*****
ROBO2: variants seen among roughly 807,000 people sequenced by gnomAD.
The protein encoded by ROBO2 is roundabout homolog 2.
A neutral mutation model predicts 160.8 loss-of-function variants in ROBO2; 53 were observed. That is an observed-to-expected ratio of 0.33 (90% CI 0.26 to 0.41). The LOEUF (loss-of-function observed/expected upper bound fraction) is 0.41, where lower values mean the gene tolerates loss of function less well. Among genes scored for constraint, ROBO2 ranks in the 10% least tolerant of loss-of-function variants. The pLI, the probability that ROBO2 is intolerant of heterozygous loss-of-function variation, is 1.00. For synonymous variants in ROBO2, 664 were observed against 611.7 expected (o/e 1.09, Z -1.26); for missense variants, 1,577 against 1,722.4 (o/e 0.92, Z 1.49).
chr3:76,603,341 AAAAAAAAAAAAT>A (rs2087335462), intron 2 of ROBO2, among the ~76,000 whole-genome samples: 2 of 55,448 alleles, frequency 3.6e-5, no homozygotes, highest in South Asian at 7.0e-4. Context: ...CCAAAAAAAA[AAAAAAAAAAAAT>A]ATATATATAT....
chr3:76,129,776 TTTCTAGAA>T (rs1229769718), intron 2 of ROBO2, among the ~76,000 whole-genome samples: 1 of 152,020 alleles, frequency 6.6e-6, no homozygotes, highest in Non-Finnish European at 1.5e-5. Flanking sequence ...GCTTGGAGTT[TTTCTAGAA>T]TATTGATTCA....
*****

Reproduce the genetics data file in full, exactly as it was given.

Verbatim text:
ROBO2: variants seen among roughly 807,000 people sequenced by gnomAD.
The protein encoded by ROBO2 is roundabout homolog 2.
A neutral mutation model predicts 160.8 loss-of-function variants in ROBO2; 53 were observed. That is an observed-to-expected ratio of 0.33 (90% CI 0.26 to 0.41). The LOEUF (loss-of-function observed/expected upper bound fraction) is 0.41, where lower values mean the gene tolerates loss of function less well. Among genes scored for constraint, ROBO2 ranks in the 10% least tolerant of loss-of-function variants. The pLI, the probability that ROBO2 is intolerant of heterozygous loss-of-function variation, is 1.00. For synonymous variants in ROBO2, 664 were observed against 611.7 expected (o/e 1.09, Z -1.26); for missense variants, 1,577 against 1,722.4 (o/e 0.92, Z 1.49).
chr3:76,603,341 AAAAAAAAAAAAT>A (rs2087335462), intron 2 of ROBO2, among the ~76,000 whole-genome samples: 2 of 55,448 alleles, frequency 3.6e-5, no homozygotes, highest in South Asian at 7.0e-4. Context: ...CCAAAAAAAA[AAAAAAAAAAAAT>A]ATATATATAT....
chr3:76,129,776 TTTCTAGAA>T (rs1229769718), intron 2 of ROBO2, among the ~76,000 whole-genome samples: 1 of 152,020 alleles, frequency 6.6e-6, no homozygotes, highest in Non-Finnish European at 1.5e-5. Flanking sequence ...GCTTGGAGTT[TTTCTAGAA>T]TATTGATTCA....